For both ourselves and other robot suppliers, the challenge is to convince the UK’s manufacturing SMEs to invest in robot automation. In doing so, we are battling against not only an ingrained resistance to change noted in the Making Good report, but also a wider scepticism about the applicability of robots to processes outside of the automotive industry.

We recently conducted our own survey into the SME market, which revealed several areas of concern that are deterring many companies from introducing robots.
The primary concern is that companies currently lack both the skills and resources to confidently implement and support robots. Despite the significant strides forward that have been made in simplifying both the programming and operation of industrial robots, there is an enduring belief that robots remain too complex for the majority of people to use. 

Consequently, there is a fear that switching to an automated process presents too great a risk, resulting in many companies continuing to operate outdated and/or inefficient processes to the detriment of their overall competitiveness. 

Another concern is one of cost. This applies not only to the purchase price of a robot, but also its ability to deliver a payback within the notoriously short timeframes operated as the norm by many UK companies.

The third concern was one of applicability. Many of the companies which responded were small, low volume producers who do not believe that robot automation can be profitably applied to their processes.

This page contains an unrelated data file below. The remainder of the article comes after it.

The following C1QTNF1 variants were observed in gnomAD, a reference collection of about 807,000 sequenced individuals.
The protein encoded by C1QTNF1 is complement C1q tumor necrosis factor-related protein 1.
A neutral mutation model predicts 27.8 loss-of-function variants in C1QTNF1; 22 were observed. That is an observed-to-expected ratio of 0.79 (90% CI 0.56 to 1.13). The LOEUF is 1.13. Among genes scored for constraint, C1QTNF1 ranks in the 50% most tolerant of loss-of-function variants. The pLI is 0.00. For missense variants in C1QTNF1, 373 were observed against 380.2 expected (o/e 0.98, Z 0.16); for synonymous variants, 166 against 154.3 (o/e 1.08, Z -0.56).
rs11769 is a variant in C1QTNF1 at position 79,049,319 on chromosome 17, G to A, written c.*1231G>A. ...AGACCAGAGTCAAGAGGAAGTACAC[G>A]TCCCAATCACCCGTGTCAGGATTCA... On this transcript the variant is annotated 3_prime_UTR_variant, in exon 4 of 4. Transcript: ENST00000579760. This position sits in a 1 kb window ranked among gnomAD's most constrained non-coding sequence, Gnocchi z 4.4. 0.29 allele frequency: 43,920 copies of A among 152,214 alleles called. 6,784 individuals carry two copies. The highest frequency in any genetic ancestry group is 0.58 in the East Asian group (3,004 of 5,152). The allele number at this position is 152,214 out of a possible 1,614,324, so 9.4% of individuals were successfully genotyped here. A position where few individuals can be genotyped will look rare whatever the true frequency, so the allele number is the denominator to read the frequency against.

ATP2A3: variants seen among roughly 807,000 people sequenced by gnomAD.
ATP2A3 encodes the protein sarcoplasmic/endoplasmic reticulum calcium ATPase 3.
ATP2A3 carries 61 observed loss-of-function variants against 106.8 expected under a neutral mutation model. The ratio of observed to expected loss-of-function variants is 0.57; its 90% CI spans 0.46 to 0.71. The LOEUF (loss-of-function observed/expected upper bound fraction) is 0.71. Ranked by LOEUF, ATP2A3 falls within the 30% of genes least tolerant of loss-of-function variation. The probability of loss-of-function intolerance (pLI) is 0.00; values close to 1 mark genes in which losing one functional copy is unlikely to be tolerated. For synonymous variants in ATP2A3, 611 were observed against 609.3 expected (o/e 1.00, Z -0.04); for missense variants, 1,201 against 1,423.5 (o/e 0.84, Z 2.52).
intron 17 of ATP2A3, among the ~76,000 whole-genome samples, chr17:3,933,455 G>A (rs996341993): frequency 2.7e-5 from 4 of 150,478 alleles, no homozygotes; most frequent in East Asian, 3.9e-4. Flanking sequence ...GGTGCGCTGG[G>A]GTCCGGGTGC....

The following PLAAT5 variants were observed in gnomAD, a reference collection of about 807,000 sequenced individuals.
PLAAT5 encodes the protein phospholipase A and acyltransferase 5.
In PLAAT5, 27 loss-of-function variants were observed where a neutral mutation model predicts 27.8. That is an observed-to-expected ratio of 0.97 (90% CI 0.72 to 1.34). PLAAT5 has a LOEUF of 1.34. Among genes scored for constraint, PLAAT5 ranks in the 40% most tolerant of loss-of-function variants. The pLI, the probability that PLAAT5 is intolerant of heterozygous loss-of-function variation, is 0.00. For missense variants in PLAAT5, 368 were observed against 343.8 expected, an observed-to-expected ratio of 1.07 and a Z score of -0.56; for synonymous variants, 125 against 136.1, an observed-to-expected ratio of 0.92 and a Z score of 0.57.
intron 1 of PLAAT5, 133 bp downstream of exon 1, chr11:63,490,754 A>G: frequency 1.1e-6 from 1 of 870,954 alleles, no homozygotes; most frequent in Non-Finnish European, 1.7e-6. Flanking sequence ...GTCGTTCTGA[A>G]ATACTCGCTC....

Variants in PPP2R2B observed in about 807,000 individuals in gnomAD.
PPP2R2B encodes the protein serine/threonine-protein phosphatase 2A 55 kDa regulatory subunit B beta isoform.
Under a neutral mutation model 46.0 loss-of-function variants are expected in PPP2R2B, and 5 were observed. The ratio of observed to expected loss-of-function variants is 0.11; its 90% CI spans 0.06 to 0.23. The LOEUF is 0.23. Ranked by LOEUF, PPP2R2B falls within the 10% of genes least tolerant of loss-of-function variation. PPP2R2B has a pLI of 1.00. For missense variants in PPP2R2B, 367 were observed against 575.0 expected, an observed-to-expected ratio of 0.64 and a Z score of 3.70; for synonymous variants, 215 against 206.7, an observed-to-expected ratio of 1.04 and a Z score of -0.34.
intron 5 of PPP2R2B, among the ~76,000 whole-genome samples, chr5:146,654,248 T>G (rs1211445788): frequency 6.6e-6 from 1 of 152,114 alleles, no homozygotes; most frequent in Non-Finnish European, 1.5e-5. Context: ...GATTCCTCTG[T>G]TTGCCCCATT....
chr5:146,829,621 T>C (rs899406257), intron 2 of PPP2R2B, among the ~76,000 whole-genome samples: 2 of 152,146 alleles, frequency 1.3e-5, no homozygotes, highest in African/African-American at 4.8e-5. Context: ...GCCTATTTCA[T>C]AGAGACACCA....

Greater automation through better education

We do not believe that these concerns are insurmountable, or that the anti-robot cultural bias cannot be shifted. Education is key. As a manufacturer and supplier of robotic solutions for manufacturing applications, our own efforts in convincing the market include:

  • Demonstrating the benefits that robots have brought in SME applications around the world
  • Proving that an investment in robots can deliver a short ROI
  • Teaching engineers how to properly understand what’s involved in switching to robot automation and how to properly specify equipment for their applications

However, we cannot act alone. For the message to get through, there needs to be a consistent, long term fiscal and policy framework by Government to help encourage companies to take a longer term perspective when it comes to investing in new technology and measuring the return on that investment.

There is also still much work to do in winning public support for manufacturing, so that people appreciate the real contribution it makes to their standard of living. The lack of perceived opportunity offered by the manufacturing sector is one of the main reasons behind the current shortage of skilled engineers.

Although much work is being done to reverse this, both at industry and Government level, more needs to be done to ensure that engineering and manufacturing are seen as an attractive career prospect. This is equally the case when it comes to automation. Manufacturers of automation equipment, ourselves included, have a role to play in demonstrating how the improved levels of productivity and competitiveness delivered by our technologies do actually create jobs rather than replacing them, which is a criticism often levelled at robot automation.